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SCT

How a group of chef-driven restaurants turned around a troubled development

​It took only two years for a $165 million residential and retail development in Dadeland, Fla., to fall on hard times. Downtown Dadeland, built in 2005 across from Dadeland Mall, had a lineup of such nationals as Bombay Company, Men’s Wearhouse and Sprint, plus 416 residential condos. What it did not have mattered more.

“It was pretty stagnant," said Steven Henenfeld, a senior vice president at CREC, a Miami-based real estate management firm hired to save the project. “There was no meeting place — no unique location for the surrounding high-income demographic to come and gather and meet.”

In 2007 the original construction team handed the 7.5-acre property back to its construction lender — Goldman Sachs — and it languished for years, until investor DHPI Dadeland, of Boca Raton, Fla., purchased the 125,000-square-foot retail portion for $39 million, in August 2014, and brought in CREC to lease and manage it.

“We needed to create a new vision and realign it with the needs of the community at large and the residents,” said Carol Greenberg Brooks, president of CREC.

Attracting unique restaurant concepts proved to be the key. “The leasing team’s focus was not on what restaurant was going to work here, but what chefs are out there that can do something new and exciting and create something that is going to drive the neighborhood,” said Brooks. “It turned out that those very chefs have become bigger draws than we had anticipated. It went way beyond the neighborhood.”

Timeline

2005 Mixed-use community Downtown Dadeland opens

2007 Construction lender Goldman Sachs takes over ownership of its 125,000-square-foot retail space

2014 DHPI Dadeland purchases the retail space for $39 million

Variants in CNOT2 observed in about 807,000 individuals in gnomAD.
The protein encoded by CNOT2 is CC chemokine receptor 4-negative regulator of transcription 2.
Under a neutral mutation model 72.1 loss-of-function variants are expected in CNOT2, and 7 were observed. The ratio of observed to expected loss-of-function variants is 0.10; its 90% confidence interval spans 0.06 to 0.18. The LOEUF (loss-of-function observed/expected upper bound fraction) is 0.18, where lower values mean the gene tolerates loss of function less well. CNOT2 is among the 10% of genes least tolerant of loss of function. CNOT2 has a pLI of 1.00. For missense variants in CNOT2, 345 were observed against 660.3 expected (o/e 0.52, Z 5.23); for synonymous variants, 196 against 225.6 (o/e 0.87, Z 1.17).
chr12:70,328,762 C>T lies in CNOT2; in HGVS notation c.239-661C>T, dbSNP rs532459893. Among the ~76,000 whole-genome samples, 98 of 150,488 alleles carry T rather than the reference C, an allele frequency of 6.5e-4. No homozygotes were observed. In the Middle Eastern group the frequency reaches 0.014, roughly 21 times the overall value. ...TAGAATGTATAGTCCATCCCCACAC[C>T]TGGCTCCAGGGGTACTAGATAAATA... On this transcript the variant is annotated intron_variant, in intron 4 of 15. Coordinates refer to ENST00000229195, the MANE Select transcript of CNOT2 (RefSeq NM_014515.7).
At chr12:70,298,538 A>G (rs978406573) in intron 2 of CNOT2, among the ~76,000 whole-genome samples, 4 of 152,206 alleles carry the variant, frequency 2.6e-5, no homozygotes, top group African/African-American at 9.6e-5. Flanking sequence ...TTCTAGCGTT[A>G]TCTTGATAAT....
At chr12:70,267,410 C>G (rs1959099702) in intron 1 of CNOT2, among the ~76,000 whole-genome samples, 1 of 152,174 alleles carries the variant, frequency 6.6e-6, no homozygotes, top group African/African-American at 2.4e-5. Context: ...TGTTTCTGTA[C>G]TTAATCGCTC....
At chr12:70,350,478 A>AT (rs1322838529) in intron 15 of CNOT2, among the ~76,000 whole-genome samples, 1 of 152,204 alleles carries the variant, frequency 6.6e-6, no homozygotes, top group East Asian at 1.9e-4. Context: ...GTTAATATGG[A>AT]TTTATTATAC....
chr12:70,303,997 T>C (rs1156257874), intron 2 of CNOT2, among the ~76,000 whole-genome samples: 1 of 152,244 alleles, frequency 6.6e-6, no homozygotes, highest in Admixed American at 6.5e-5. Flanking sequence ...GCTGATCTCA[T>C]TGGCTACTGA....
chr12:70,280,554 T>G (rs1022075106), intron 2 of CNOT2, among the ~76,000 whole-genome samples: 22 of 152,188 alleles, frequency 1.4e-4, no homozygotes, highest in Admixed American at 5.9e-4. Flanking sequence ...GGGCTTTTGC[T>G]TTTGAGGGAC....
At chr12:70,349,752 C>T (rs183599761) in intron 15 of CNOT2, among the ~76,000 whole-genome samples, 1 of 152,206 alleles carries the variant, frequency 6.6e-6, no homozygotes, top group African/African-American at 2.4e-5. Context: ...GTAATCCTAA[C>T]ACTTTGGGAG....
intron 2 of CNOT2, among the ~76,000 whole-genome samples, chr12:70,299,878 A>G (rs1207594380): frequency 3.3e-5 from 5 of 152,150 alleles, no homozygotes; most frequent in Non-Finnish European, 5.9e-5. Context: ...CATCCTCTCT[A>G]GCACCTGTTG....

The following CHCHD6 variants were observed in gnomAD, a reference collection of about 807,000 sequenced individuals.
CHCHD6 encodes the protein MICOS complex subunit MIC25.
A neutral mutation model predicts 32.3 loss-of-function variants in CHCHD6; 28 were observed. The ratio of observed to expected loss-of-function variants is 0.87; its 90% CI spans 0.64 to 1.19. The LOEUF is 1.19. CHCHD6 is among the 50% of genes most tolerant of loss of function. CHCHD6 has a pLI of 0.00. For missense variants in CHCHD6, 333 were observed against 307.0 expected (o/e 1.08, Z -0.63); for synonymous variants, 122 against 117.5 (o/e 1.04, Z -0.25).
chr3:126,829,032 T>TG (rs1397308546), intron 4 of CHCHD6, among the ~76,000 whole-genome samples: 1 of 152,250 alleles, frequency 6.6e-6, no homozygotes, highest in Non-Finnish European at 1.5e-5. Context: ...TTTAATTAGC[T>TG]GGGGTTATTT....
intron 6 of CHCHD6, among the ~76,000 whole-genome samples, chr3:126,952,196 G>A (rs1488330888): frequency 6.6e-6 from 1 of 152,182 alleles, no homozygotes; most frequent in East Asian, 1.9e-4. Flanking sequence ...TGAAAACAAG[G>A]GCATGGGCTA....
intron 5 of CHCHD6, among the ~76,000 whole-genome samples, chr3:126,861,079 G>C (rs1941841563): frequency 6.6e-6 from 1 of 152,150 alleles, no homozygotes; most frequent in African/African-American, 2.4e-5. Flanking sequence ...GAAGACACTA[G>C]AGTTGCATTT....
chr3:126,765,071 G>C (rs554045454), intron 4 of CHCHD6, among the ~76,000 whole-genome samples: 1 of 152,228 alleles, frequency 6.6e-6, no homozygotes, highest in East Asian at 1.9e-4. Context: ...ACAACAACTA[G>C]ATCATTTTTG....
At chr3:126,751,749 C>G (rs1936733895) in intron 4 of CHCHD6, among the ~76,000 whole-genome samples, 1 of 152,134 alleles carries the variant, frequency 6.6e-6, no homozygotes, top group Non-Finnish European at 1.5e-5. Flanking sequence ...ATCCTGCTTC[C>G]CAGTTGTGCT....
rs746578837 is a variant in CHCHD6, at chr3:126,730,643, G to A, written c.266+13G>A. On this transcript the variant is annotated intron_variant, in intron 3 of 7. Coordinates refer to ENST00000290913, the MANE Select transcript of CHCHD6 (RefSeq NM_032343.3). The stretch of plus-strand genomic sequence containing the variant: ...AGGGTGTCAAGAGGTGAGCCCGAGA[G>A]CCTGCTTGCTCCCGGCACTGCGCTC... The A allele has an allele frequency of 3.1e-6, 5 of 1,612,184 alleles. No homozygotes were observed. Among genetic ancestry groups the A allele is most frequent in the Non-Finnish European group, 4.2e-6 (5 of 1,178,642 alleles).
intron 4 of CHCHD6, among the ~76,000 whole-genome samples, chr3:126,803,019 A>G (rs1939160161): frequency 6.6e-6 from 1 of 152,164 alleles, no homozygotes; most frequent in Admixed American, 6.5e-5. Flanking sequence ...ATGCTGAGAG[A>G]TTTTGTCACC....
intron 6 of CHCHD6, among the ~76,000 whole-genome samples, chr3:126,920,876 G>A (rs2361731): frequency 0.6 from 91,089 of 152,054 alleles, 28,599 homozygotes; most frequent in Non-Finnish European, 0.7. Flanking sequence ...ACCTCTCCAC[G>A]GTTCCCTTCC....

2016 Barley An American Brasserie, Ghee Indian Kitchen and Teriyaki Madness open

2017 Downtown Dadeland’s retail space achieves 75 percent occupancy

Downtown Dadeland has been reborn as one of South Florida’s top dining destinations, thanks to this complete rethinking of its retail tenant mix.

The first restaurant tenant the CREC team brought in was Teriyaki Madness, a franchised concept based in Las Vegas. But the tenant to gain the biggest draw was Barley An American Brasserie, owned by local executive chef Jorge Ramos. Among the other restaurants are Ghee Indian Kitchen, Harry’s Pizzeria and Pubbelly Sushi.

“That really kicked it off in terms of the leasing and legitimizing the street as a restaurant destination,” said Rafael Romero, the CREC vice president who helped Henenfeld lease the project. “The local restaurant chef community is very tight-knit, and having someone who is as outspoken about the benefits of the project and a believer in the neighborhood was very, very helpful and helped us put it all together.”

Harry's Pizzeria

Negotiations with Ramos took about a year. “It was really a very deliberate process," said Brooks, "and once he was on board, we were really able to work with him collaboratively to penetrate the community more broadly and attract and identify other chefs that would be synergistic.” During lease negotiations, the property was also undergoing a rebranding program. “We had to have the whole community see the property differently, because it had sat in the same position for so long, so that was important, and new ownership’s willingness to spend $1 million rebranding the property and take a chance on some of these chefs was very important.”

Chris Huff is head chef at Brick American Kitchen

To attract more traffic throughout the day, the project is also home to Orangetheory Fitness and Corpo Yoga Studio. Negotiations are under way with at least two more fitness retailers.

The rejuvenated project has appealed to a larger community than first envisioned. “What we perceived to be the primary drive initially was the neighborhood,” said Brooks. “We really weren’t anticipating that we would be pulling from other markets.”

One of the biggest lessons learned from the redevelopment was the importance of sticking to a vision when it comes to leasing, according to Romero. “Plug-and-play leasing doesn't work,” Romero said. “Sitting by your phone and waiting for the phone to ring isn't going to work. The phone will ring, but who is on the other end of the call may not be who is going to elevate your project to the next level. You could get lucky, but you probably won’t.”

By Ben Johnson

Contributor, Shopping Centers Today

Related Topics:

  • development & redevelopment
  • food & beverage
  • leasing
  • shopping centers